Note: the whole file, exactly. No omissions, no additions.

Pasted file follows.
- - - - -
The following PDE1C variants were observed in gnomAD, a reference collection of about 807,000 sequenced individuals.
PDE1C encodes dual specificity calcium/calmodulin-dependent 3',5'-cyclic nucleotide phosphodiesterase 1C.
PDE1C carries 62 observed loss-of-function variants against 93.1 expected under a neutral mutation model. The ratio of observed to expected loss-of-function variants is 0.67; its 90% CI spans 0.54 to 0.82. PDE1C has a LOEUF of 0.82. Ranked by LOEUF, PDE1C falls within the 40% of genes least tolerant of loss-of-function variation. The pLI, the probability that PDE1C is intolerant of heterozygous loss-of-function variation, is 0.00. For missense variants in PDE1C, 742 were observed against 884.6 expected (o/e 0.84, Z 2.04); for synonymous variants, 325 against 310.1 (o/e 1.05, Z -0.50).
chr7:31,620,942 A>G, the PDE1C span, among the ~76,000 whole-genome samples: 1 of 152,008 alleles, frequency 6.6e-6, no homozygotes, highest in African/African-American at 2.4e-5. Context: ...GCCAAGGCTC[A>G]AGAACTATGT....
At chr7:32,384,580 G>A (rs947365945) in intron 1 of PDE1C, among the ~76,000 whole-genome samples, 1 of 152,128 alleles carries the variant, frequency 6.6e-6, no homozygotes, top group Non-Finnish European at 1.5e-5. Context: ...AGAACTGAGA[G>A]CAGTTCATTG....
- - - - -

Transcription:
The following PDE1C variants were observed in gnomAD, a reference collection of about 807,000 sequenced individuals.
PDE1C encodes dual specificity calcium/calmodulin-dependent 3',5'-cyclic nucleotide phosphodiesterase 1C.
PDE1C carries 62 observed loss-of-function variants against 93.1 expected under a neutral mutation model. The ratio of observed to expected loss-of-function variants is 0.67; its 90% CI spans 0.54 to 0.82. PDE1C has a LOEUF of 0.82. Ranked by LOEUF, PDE1C falls within the 40% of genes least tolerant of loss-of-function variation. The pLI, the probability that PDE1C is intolerant of heterozygous loss-of-function variation, is 0.00. For missense variants in PDE1C, 742 were observed against 884.6 expected (o/e 0.84, Z 2.04); for synonymous variants, 325 against 310.1 (o/e 1.05, Z -0.50).
chr7:31,620,942 A>G, the PDE1C span, among the ~76,000 whole-genome samples: 1 of 152,008 alleles, frequency 6.6e-6, no homozygotes, highest in African/African-American at 2.4e-5. Context: ...GCCAAGGCTC[A>G]AGAACTATGT....
At chr7:32,384,580 G>A (rs947365945) in intron 1 of PDE1C, among the ~76,000 whole-genome samples, 1 of 152,128 alleles carries the variant, frequency 6.6e-6, no homozygotes, top group Non-Finnish European at 1.5e-5. Context: ...AGAACTGAGA[G>A]CAGTTCATTG....